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dc.creatorPremo, Luke
dc.date.accessioned2015-12-02T16:34:07Z
dc.date.available2015-12-02T16:34:07Z
dc.date.issued2012
dc.identifier.urihttp://hdl.handle.net/2376/5665
dc.description.abstractWhen selection increases the frequency of a beneficial gene substitution it can also increase the frequencies of linked neutral alleles through a process called genetic hitchhiking. A model built to investigate reduced genetic diversity in Pleistocene hominins shows that genetic hitchhiking can have a strong effect on neutral diversity in the presence of culturally mediated migration. Under conditions in which genetic and cultural variants are transmitted symmetrically, neutral genes may also hitchhike to higher frequencies on the coattails of adaptive cultural traits through a process called cultural hitchhiking. Cultural hitchhiking has been proposed to explain why some species of matrilineal whales display relatively low levels of mitochondrial DNA diversity, and it may be applicable to humans as well. This paper provides a critical review of recent models of both types of hitchhiking in socially structured populations. The models’ assumptions and predictions are compared and discussed in the hope that studies of reduced genetic diversity in humans might improve our understanding of reduced genetic diversity in other species, and vice versaen_US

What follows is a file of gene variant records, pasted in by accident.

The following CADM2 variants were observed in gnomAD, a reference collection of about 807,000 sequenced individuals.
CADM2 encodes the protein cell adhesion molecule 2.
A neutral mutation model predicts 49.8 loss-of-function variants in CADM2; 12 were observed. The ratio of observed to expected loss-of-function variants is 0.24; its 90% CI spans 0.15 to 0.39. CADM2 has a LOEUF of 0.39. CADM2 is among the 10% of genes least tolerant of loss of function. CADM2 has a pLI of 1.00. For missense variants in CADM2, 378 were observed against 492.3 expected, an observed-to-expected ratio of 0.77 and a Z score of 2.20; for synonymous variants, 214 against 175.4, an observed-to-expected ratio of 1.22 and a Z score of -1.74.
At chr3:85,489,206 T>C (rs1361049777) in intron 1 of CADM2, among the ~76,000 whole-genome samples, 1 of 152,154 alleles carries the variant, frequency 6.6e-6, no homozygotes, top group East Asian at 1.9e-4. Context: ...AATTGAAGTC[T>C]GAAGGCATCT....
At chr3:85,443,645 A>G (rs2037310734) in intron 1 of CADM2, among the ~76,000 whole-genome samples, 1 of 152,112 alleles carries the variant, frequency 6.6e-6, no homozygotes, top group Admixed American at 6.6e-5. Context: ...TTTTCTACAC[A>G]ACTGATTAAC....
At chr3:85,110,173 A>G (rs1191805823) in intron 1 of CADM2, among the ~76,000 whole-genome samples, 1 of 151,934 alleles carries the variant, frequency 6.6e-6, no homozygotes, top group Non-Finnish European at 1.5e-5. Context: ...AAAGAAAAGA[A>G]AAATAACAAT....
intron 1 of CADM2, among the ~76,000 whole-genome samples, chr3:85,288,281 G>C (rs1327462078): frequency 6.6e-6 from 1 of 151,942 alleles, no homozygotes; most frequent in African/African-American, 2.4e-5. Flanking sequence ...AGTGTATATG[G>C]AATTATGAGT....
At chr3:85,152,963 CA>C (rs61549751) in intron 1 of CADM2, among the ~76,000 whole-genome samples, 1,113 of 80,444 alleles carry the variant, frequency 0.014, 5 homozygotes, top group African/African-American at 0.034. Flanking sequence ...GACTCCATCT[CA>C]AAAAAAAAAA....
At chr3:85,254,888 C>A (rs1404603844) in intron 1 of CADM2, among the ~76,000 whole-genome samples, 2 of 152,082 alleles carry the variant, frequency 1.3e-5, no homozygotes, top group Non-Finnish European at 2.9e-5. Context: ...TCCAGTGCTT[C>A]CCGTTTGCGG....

dc.language.isoEnglish
dc.publisherCurrent Zoologyen_US
dc.rightsIn copyright
dc.rightsopenAccess
dc.rights.urihttp://rightsstatements.org/vocab/InC/1.0/
dc.rights.urihttp://purl.org/eprint/accessRights/OpenAccess
dc.subjectCultural group selectionen_US
dc.subjectCultural hitchhikingen_US
dc.subjectCulturally mediated migrationen_US
dc.subjectDiversityen_US
dc.subjectEvolutionen_US
dc.subjectGenetic hitchhikingen_US
dc.titleHitchhiker?s guide to genetic diversity in socially structured populationsen_US
dc.typeTexten_US
dc.description.citationPremo, L. S. (2012) Hitchhiker's guide to genetic diversity in socially structured populations. Current Zoology 58:287-297.


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  • Premo, Luke
    This collection features scholarly work by Luke Premo, assistant professor in the Department of Anthropology at Washington State University.

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